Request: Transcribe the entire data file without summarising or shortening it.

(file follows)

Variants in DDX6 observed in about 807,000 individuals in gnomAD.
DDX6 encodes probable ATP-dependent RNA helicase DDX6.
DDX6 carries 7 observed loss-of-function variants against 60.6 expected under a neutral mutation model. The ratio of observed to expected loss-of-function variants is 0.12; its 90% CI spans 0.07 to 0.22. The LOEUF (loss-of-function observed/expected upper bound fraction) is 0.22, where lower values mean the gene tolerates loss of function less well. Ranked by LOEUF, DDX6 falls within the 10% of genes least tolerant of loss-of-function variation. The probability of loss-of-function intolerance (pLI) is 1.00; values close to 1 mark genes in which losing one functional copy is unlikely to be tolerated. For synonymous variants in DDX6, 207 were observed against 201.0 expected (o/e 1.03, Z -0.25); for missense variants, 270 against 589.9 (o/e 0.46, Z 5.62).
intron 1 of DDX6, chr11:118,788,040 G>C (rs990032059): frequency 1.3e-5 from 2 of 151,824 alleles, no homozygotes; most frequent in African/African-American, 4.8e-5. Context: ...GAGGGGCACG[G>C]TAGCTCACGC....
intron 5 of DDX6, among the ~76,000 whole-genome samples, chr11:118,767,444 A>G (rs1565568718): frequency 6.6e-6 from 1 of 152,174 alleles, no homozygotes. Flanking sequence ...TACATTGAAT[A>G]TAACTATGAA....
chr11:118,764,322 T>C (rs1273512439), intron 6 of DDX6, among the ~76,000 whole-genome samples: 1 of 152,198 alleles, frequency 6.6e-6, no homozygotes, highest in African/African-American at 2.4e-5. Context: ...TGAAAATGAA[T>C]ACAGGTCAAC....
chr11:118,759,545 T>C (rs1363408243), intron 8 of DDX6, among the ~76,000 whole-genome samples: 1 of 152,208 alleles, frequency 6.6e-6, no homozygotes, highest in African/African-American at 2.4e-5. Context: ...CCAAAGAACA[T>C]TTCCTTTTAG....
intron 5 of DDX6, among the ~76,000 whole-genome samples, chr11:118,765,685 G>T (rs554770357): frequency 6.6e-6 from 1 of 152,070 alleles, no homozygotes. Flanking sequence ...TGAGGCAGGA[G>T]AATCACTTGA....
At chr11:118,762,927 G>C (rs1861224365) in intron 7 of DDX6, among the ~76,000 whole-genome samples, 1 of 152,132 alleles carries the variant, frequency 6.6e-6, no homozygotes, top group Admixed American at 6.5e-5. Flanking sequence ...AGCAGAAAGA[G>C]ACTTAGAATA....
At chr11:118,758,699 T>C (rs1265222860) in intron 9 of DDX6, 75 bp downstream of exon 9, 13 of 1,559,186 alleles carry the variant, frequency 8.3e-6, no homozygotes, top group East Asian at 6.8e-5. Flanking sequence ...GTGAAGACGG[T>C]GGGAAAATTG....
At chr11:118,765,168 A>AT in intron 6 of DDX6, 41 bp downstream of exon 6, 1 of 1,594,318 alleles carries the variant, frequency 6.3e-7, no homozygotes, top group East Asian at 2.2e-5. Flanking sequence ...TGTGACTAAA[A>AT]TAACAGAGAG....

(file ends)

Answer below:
Variants in DDX6 observed in about 807,000 individuals in gnomAD.
DDX6 encodes probable ATP-dependent RNA helicase DDX6.
DDX6 carries 7 observed loss-of-function variants against 60.6 expected under a neutral mutation model. The ratio of observed to expected loss-of-function variants is 0.12; its 90% CI spans 0.07 to 0.22. The LOEUF (loss-of-function observed/expected upper bound fraction) is 0.22, where lower values mean the gene tolerates loss of function less well. Ranked by LOEUF, DDX6 falls within the 10% of genes least tolerant of loss-of-function variation. The probability of loss-of-function intolerance (pLI) is 1.00; values close to 1 mark genes in which losing one functional copy is unlikely to be tolerated. For synonymous variants in DDX6, 207 were observed against 201.0 expected (o/e 1.03, Z -0.25); for missense variants, 270 against 589.9 (o/e 0.46, Z 5.62).
intron 1 of DDX6, chr11:118,788,040 G>C (rs990032059): frequency 1.3e-5 from 2 of 151,824 alleles, no homozygotes; most frequent in African/African-American, 4.8e-5. Context: ...GAGGGGCACG[G>C]TAGCTCACGC....
intron 5 of DDX6, among the ~76,000 whole-genome samples, chr11:118,767,444 A>G (rs1565568718): frequency 6.6e-6 from 1 of 152,174 alleles, no homozygotes. Flanking sequence ...TACATTGAAT[A>G]TAACTATGAA....
chr11:118,764,322 T>C (rs1273512439), intron 6 of DDX6, among the ~76,000 whole-genome samples: 1 of 152,198 alleles, frequency 6.6e-6, no homozygotes, highest in African/African-American at 2.4e-5. Context: ...TGAAAATGAA[T>C]ACAGGTCAAC....
chr11:118,759,545 T>C (rs1363408243), intron 8 of DDX6, among the ~76,000 whole-genome samples: 1 of 152,208 alleles, frequency 6.6e-6, no homozygotes, highest in African/African-American at 2.4e-5. Context: ...CCAAAGAACA[T>C]TTCCTTTTAG....
intron 5 of DDX6, among the ~76,000 whole-genome samples, chr11:118,765,685 G>T (rs554770357): frequency 6.6e-6 from 1 of 152,070 alleles, no homozygotes. Flanking sequence ...TGAGGCAGGA[G>T]AATCACTTGA....
At chr11:118,762,927 G>C (rs1861224365) in intron 7 of DDX6, among the ~76,000 whole-genome samples, 1 of 152,132 alleles carries the variant, frequency 6.6e-6, no homozygotes, top group Admixed American at 6.5e-5. Flanking sequence ...AGCAGAAAGA[G>C]ACTTAGAATA....
At chr11:118,758,699 T>C (rs1265222860) in intron 9 of DDX6, 75 bp downstream of exon 9, 13 of 1,559,186 alleles carry the variant, frequency 8.3e-6, no homozygotes, top group East Asian at 6.8e-5. Flanking sequence ...GTGAAGACGG[T>C]GGGAAAATTG....
At chr11:118,765,168 A>AT in intron 6 of DDX6, 41 bp downstream of exon 6, 1 of 1,594,318 alleles carries the variant, frequency 6.3e-7, no homozygotes, top group East Asian at 2.2e-5. Flanking sequence ...TGTGACTAAA[A>AT]TAACAGAGAG....